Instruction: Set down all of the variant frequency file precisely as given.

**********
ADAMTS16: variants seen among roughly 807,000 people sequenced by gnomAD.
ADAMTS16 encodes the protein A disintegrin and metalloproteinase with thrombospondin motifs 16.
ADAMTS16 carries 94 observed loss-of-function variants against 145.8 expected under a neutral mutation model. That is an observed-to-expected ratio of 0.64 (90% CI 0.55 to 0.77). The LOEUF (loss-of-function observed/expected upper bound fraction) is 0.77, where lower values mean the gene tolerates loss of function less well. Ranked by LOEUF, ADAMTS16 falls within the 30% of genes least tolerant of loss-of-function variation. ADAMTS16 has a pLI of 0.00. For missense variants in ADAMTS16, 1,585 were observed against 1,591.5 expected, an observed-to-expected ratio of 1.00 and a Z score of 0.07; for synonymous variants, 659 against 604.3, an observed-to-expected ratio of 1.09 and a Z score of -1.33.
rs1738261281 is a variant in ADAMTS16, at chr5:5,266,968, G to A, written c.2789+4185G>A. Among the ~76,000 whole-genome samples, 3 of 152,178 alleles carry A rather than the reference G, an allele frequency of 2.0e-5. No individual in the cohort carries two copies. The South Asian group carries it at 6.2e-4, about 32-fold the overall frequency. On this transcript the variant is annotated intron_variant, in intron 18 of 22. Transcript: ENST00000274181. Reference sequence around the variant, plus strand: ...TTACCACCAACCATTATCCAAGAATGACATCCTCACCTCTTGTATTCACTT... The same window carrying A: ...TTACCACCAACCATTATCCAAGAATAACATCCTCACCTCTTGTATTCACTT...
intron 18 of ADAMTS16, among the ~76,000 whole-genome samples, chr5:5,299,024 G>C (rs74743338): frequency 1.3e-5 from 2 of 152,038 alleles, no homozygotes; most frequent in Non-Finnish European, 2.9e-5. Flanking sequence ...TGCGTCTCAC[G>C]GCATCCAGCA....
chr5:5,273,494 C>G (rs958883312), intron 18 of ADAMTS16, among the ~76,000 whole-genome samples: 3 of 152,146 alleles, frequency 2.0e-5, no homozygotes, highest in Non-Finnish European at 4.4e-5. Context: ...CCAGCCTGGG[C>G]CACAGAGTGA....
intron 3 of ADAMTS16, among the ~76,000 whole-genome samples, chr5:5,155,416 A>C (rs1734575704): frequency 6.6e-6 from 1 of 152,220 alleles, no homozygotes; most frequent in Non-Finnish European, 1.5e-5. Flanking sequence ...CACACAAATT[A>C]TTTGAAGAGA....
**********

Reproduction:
ADAMTS16: variants seen among roughly 807,000 people sequenced by gnomAD.
ADAMTS16 encodes the protein A disintegrin and metalloproteinase with thrombospondin motifs 16.
ADAMTS16 carries 94 observed loss-of-function variants against 145.8 expected under a neutral mutation model. That is an observed-to-expected ratio of 0.64 (90% CI 0.55 to 0.77). The LOEUF (loss-of-function observed/expected upper bound fraction) is 0.77, where lower values mean the gene tolerates loss of function less well. Ranked by LOEUF, ADAMTS16 falls within the 30% of genes least tolerant of loss-of-function variation. ADAMTS16 has a pLI of 0.00. For missense variants in ADAMTS16, 1,585 were observed against 1,591.5 expected, an observed-to-expected ratio of 1.00 and a Z score of 0.07; for synonymous variants, 659 against 604.3, an observed-to-expected ratio of 1.09 and a Z score of -1.33.
rs1738261281 is a variant in ADAMTS16, at chr5:5,266,968, G to A, written c.2789+4185G>A. Among the ~76,000 whole-genome samples, 3 of 152,178 alleles carry A rather than the reference G, an allele frequency of 2.0e-5. No individual in the cohort carries two copies. The South Asian group carries it at 6.2e-4, about 32-fold the overall frequency. On this transcript the variant is annotated intron_variant, in intron 18 of 22. Transcript: ENST00000274181. Reference sequence around the variant, plus strand: ...TTACCACCAACCATTATCCAAGAATGACATCCTCACCTCTTGTATTCACTT... The same window carrying A: ...TTACCACCAACCATTATCCAAGAATAACATCCTCACCTCTTGTATTCACTT...
intron 18 of ADAMTS16, among the ~76,000 whole-genome samples, chr5:5,299,024 G>C (rs74743338): frequency 1.3e-5 from 2 of 152,038 alleles, no homozygotes; most frequent in Non-Finnish European, 2.9e-5. Flanking sequence ...TGCGTCTCAC[G>C]GCATCCAGCA....
chr5:5,273,494 C>G (rs958883312), intron 18 of ADAMTS16, among the ~76,000 whole-genome samples: 3 of 152,146 alleles, frequency 2.0e-5, no homozygotes, highest in Non-Finnish European at 4.4e-5. Context: ...CCAGCCTGGG[C>G]CACAGAGTGA....
intron 3 of ADAMTS16, among the ~76,000 whole-genome samples, chr5:5,155,416 A>C (rs1734575704): frequency 6.6e-6 from 1 of 152,220 alleles, no homozygotes; most frequent in Non-Finnish European, 1.5e-5. Flanking sequence ...CACACAAATT[A>C]TTTGAAGAGA....